This is a question I have been asked many times, and have thought about myself.
Matthew Cobb over at Why Evolution Is True gave his take on this a few days ago
I basically agree with Matthew, but want to add something. I have two main points.
First, it is really hard to go "backwards", evolutionarily speaking (to invoke horrible teleology)- Matthew alludes to this as well
This is why a recent discovery of toothed frogs made everyone very excited.
Ordinarily when an organism "evolves" a new adaptation, or evolves "out" of an adaptation, they don't go backwards and re-evolve it. It is worth noting however, that it is not impossible for evolution to "go backwards", it is just unlikely.
Which leads me to my next thing, which is itself divided into two sub-points:
1. There really isn't any point to insects re-colonizing the ocean. Insects emerged onto land and found a colossal number of niches to occupy, and they are ridiculously successful. There was never any "reason" in an ecological sense for insects to go "back" to the ocean.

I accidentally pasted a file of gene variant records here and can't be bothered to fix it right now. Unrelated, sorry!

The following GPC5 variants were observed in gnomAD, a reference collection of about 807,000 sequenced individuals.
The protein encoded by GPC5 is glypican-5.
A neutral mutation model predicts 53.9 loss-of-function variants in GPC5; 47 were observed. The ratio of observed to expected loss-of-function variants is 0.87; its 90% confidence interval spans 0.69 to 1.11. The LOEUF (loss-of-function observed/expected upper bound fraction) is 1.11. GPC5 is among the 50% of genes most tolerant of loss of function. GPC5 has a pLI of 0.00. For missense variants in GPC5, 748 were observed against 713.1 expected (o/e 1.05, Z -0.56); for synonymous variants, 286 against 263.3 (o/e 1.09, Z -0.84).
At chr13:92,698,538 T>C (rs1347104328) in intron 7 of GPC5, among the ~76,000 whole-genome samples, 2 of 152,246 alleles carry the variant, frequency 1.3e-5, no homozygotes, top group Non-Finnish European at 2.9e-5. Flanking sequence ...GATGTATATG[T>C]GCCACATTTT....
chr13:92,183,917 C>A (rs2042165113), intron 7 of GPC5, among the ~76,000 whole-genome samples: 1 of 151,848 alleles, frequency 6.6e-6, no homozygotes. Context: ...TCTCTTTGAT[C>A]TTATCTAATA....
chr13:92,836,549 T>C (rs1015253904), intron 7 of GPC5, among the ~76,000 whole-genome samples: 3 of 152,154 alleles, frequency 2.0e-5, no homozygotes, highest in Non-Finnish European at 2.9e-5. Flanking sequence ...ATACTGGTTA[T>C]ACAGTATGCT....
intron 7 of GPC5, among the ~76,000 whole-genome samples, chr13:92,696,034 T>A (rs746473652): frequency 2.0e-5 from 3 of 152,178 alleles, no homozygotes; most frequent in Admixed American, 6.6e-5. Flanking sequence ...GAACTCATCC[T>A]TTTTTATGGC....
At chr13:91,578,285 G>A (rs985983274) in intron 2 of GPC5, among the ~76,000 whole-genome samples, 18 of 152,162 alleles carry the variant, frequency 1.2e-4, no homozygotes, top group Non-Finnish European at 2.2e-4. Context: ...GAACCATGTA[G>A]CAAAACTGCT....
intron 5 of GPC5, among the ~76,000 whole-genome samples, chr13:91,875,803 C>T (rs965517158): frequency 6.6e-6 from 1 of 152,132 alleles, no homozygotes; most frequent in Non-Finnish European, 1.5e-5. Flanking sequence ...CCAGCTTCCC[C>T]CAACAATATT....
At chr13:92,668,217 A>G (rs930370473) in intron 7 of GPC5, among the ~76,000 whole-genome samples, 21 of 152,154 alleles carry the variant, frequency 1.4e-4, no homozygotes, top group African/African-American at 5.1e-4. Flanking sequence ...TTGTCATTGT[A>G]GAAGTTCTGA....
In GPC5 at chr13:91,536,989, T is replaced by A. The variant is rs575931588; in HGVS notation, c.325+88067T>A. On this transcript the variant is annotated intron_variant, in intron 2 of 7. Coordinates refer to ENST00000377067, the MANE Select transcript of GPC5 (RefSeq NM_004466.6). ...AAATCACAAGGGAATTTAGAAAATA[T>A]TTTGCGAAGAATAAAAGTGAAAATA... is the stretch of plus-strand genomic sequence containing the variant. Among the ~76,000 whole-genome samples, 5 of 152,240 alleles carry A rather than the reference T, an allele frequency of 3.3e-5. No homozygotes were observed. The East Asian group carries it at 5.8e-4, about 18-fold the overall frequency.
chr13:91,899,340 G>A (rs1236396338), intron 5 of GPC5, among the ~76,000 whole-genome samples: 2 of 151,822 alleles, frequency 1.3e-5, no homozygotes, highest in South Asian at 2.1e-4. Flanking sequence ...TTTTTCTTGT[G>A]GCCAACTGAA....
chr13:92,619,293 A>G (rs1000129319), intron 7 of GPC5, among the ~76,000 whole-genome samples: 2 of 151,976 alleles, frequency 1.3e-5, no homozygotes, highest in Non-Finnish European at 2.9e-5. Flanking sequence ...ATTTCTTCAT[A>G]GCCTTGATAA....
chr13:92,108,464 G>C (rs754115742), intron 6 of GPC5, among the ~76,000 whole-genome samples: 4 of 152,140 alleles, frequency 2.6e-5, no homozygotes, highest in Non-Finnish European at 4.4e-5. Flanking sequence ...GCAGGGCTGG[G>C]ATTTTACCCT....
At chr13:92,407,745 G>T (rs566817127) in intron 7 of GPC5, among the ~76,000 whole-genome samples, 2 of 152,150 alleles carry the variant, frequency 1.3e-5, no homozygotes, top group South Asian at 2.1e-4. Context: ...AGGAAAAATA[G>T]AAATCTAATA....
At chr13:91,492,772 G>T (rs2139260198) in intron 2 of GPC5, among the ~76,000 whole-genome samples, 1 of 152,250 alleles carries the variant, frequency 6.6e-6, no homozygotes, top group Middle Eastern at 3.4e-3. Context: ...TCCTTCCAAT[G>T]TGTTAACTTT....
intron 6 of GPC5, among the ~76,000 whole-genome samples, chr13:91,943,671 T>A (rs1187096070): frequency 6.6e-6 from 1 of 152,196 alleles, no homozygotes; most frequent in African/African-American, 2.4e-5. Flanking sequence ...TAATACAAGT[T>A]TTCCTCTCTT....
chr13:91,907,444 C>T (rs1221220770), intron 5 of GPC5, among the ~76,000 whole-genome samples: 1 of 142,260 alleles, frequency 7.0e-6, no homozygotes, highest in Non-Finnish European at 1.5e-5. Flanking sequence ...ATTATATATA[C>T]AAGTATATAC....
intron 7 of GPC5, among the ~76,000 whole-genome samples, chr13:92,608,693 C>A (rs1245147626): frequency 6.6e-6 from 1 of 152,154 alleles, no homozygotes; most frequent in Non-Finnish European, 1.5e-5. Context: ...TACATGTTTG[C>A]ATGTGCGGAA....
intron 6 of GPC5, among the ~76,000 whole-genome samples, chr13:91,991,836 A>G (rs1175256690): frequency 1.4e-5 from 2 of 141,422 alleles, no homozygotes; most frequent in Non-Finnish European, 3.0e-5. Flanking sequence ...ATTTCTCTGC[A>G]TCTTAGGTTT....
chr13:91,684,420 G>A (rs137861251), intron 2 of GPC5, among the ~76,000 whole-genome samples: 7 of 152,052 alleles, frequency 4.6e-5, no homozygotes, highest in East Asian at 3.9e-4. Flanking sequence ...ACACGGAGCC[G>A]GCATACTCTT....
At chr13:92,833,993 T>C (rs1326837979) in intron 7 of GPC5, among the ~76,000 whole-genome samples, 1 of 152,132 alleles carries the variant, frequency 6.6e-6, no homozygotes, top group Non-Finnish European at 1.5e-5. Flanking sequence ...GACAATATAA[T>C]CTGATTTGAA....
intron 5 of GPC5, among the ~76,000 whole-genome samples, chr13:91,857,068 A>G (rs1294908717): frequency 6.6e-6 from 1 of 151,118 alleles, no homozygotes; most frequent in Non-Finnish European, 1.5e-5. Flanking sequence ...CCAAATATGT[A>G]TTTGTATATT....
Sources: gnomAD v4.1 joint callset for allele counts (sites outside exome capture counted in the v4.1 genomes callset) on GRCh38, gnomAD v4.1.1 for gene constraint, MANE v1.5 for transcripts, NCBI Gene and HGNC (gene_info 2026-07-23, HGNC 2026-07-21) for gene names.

2. Insects are already in the ocean.
Given everything I just said, this second thing seems confusing, but it is related to the picture above.
You see, molecular phylogeny pretty much places insects within the same group as crustaceans. That is, insects are crustaceans, in the same sense that birds are dinosaurs. Insects evolved from (some) crustaceans, just like birds evolved from (some) dinosaurs. The picture accompanying this post is a remipede, and is currently considered the "sister" taxa of insects- that is, the remipede is to insects what the chimpanzee is to us humans.
Take a look at this huge phylogeny tree! Insects (Hexapoda) are at the top, and the closest related group to them is the remipedes (Xenocarida).
Interesting to note, and something I won't go into, is that tardigrades and onycophorans are considered "outgroups" here. Previously these were considered to be the "sister" groups to insects (the chimp/human analogy)...but no longer, it seems.
So, in short, there just isn't any point for insects to go "back" to the ocean, especially when they are essentially already there.
(yes, some of this research is a year old, but I just found it, and thus it is new to me!)
(Citation for above picture, phylogeny tree, information, etc)
Regier, J. C. J. W. Shultz, A. Zwick, A. Hussey, B. Ball, R. Wetzer, J. W. Martin and C. W. Cunningham. 2010. Arthropod relationships revealed by phylogenomic analysis of nuclear protein-coding sequences. Nature 463:1079-1083.